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[bug]Calculate a conditional re-integration - Printable Version

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[bug]Calculate a conditional re-integration - yangyongkang - 04-11-2019 12:57 PM

Not much to say, directly on the code
The XCAS terminal gives a big push warning
Warning, integration of abs or sign assumes constant sign by intervals (correct if the argument is real):
Check [abs(taylorx10^2-taylorx11^2)]
Discontinuities at zeroes of taylorx10^2-taylorx11^2 were not checked
No checks were made for singular points of antiderivative (taylorx10^2*taylorx11+(taylorx11^3)/3-(-(taylorx11^3)/3+taylorx10^2*taylorx11)*sign(taylorx10^2-taylorx11^2))/2 for definite integration in [0,1]
Warning, integration of abs or sign assumes constant sign by intervals (correct if the argument is real):
Check [sign(taylorx10^2-1)]
Discontinuities at zeroes of taylorx10^2-1 were not checked
Warning, integration of abs or sign assumes constant sign by intervals (correct if the argument is real):
Check [sign(taylorx10^2-1)]
Discontinuities at zeroes of taylorx10^2-1 were not checked

XCAS also gives the answer

But it is the wrong answer

WolframAlpha: ∫(∫(min(x^2,y^2),y,0,1),x,0,3)

Wolfram Alpha is right

Looking forward to the update of hp prime firmware in 2019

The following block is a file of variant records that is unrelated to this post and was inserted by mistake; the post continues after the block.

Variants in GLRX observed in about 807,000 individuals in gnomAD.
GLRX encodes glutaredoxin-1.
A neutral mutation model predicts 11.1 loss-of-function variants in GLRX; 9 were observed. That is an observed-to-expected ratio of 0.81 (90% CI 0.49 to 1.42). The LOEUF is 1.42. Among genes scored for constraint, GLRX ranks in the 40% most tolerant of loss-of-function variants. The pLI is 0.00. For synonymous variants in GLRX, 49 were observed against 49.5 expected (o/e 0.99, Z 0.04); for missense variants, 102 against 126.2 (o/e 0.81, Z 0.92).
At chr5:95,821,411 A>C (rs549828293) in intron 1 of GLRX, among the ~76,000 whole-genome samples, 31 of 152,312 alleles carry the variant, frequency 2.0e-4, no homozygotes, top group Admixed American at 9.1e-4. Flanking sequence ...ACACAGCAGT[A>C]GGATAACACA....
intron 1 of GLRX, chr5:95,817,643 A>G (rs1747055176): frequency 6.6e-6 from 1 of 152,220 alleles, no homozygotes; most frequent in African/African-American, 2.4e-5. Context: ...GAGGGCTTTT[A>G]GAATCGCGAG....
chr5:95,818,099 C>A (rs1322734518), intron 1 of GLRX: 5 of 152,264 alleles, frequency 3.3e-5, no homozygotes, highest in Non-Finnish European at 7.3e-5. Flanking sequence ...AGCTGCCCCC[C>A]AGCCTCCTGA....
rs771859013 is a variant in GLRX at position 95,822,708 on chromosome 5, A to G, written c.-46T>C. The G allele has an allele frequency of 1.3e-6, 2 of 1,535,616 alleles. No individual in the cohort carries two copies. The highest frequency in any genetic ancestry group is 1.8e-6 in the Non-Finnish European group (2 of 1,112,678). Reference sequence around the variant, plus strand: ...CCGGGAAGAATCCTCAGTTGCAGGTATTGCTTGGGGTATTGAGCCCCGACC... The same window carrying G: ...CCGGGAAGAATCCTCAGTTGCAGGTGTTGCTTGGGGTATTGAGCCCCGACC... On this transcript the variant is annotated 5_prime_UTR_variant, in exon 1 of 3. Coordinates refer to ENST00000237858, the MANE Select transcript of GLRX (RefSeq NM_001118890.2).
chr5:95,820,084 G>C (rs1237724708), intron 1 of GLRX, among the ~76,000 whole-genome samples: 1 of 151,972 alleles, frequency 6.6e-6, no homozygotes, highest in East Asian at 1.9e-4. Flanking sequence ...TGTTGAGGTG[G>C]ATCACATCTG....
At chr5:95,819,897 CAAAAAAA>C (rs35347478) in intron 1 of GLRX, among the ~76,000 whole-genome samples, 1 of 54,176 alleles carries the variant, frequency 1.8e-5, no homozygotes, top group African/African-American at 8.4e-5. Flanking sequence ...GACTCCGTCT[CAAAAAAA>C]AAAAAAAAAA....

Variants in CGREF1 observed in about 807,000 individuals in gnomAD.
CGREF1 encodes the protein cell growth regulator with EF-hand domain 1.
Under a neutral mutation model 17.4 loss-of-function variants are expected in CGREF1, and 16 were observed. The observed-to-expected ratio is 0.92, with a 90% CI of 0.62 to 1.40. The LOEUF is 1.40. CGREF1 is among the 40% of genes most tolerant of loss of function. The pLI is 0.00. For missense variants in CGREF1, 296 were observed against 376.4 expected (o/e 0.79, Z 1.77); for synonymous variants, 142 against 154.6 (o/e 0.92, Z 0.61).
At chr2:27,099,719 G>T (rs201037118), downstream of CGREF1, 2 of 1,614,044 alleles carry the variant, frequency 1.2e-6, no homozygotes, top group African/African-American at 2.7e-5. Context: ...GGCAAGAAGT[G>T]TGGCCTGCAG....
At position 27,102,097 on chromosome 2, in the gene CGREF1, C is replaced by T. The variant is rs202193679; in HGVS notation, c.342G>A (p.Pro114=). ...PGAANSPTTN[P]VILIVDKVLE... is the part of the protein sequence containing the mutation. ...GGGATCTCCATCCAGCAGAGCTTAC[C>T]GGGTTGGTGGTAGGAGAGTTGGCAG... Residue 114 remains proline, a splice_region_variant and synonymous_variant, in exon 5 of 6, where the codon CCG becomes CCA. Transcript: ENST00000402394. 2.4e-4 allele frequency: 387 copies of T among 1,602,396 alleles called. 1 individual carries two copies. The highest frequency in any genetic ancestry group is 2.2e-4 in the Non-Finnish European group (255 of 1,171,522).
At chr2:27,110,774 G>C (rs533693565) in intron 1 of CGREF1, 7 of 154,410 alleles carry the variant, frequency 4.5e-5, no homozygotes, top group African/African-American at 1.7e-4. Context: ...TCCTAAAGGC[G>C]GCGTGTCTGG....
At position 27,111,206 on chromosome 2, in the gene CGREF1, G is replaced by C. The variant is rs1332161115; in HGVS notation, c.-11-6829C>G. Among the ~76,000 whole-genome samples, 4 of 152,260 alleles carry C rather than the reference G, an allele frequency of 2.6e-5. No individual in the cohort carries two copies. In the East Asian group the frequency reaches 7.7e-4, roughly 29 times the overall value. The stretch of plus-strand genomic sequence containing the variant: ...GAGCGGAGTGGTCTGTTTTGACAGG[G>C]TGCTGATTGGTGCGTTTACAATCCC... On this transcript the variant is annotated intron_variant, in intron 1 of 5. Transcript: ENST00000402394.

RE: [bug]Calculate a conditional re-integration - parisse - 04-11-2019 06:30 PM

You have been warned that some checks were not done, it's not that surprising that the answer is wrong. Now ask yourself, how can I solve this exacty in an algorithm? You must find an antiderivative of min(x^2,y^2), and to do that you must rewrite min(x^2,y^2) algebraically, which is
then you can integrate w.r.t. y, since sign is constant by interval, g:=int((x^2+y^2)/2-abs(x^2-y^2)/2,y)
Then you would substitute between 0 and 1,
but that's not sufficient, because you should take care of the points where sign(x^2-y^2) is not continuous and add the right/left limit difference. And that means solving an equation. I have decided not to solve it if it is a parametric equation (here the equation in y depends on x), because it would raise endless loops or fail, instead I issue a warning.
Let's correct it :
We must correct the integral by substracting this step, for x in [0,1], i.e substract int(h1,x,0,1)=1/6.
I guess mathematica does more complete checks, but at some point, you will certainly be able to make it return wrong answer as well. I do not have a staff of people trying a lot of weird integrals to improve/implement automatic checks, you will have to be a little bit more smart, and fix answers when you have been warned.